• Are there areas of practice you could explore that would complement your training?
    • Is there anything coming up in your training that you’re a bit worried about and might be helpful to get a head start on?
    • Do your Training Officer, supervisor or colleagues have suggestions about skills to work on
  • Your development aims- what skills or knowledge do will you be working on and why?
  • A plan to meet these aims- what are you going to do to meet your development aim(s)? How will this help you become a better Clinical Scientist? How might this help your department and ultimately how will this improve your contribution to patient care?
    • Is there a structured opportunity like a course, a conference, webinars or a training programme? What’s available in your own organisation, e-Learning for Health, online, or via your professional body?
    • Can you take advantage of something already happening, get involved in an event, committee or project or step up to additional or new responsibilities?
    • Can you make your own arrangements, a visit, shadowing, talking to someone, reading or research?
    • Bear in mind that while talking to other trainees might be helpful, their development needs and the requirements of their curriculum might be different to yours so what they’ve done may not apply to you too.
    • The timelines for this module have been left very open, both how long you need to spend on your development and when you do it. You might identify an area for development early in your training or maybe later. It might be one thing you do for a block of time, it might be lots of shorter opportunities over a long period of time.  Everyone’s experience will be different. This isn’t about a set amount of time to tick a box as it’s very unlikely you’ll have set time for CPD once you are registered. It is about spending the time you need when you need it to meet your development aim(s) and support your training.

2. Record and reflect on your experience – it’s important to get into good habits to record what you’ve done as you’ll need to keep a log to fulfil the requirements of your registration with the HCPC. (This can be audited once you’re registered). It’s good practice to reflect on the experience as well, to integrate what you’ve learned into your practice.

3. Present your learning from your development experience – Not everyone will be able to access the same development opportunities so it’s important to share what you’ve learned so that everyone can benefit.  How can what you’ve learned help others?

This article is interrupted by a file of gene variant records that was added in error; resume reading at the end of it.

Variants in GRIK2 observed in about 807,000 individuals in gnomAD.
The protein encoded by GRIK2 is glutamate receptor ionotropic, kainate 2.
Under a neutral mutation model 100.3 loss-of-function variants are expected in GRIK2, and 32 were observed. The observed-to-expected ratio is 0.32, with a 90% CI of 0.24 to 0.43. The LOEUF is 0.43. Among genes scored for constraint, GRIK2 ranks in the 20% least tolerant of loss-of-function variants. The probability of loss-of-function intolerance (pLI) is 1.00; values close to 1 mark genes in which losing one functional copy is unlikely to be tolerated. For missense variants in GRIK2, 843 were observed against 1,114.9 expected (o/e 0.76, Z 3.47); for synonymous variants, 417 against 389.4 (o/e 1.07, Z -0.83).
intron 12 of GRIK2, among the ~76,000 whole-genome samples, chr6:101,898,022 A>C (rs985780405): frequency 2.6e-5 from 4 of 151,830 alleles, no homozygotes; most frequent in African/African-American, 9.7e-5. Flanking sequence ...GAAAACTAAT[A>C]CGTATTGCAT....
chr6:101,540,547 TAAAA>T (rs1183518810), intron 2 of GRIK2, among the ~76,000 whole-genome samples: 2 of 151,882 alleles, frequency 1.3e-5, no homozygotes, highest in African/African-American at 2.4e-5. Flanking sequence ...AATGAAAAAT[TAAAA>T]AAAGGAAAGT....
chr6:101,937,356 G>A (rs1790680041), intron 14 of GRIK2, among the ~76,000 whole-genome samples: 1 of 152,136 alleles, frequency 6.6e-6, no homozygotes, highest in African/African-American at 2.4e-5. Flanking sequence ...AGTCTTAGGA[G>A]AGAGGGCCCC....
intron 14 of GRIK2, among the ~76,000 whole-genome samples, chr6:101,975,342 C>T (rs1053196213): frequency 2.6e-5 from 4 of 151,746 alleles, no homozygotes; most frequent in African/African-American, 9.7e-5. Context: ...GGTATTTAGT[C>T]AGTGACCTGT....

So what are you going to work on? This is about you and your practice. To give you some ideas, here are some examples curated by the National School staff.

Chris Fisher, Head of Curriculum at NSHCS

  • Courses on management and leadership.
  • Attending conferences online and in person.
  • EDI training sessions and workshops.
  • Practice specific training courses.
  • Webinars from various organisations including NHSE, NHS Elect, HCPC, CSO Office.
  • Volunteering for task and finish groups and to chair meetings.
  • Visits to training departments to get a better understanding of specialties (I found this really valuable for my role, even though it included a very early start to see Radiopharmacy in action!).

Dr Jo Horne, STP Training Programme Director

  • Organisational courses on management, leadership, mentoring, coaching, difficult conversations.
  • Organisational Quality Improvement Projects – ways to highlight the presence and value of Healthcare Science services.
  • Lots of courses on Future Learn around scientific area, but also diversity, communication, programming, etc.
  • Outreach, working with the Lead Healthcare Scientist to promote the profession.
  • Developing scientific posters and giving presentations at relevant conferences.
  • Attendance at broader conferences, e.g., London Women’s Leadership Network – I found a lot of value in getting outside of the scientific specialty and meeting other professions.
  • NHS Leadership Academy programmes, e.g., Edward Jenner.
  • NHSE webinars about broader subjects, e.g., compassionate leadership.
  • Supporting STP recruitment days by sharing experience of training.
  • Joining an STP trainee network.

Association for Respiratory Technology and Physiology (ARTP) Professional Body

eLearning for Health

Last updated on 19th June 2023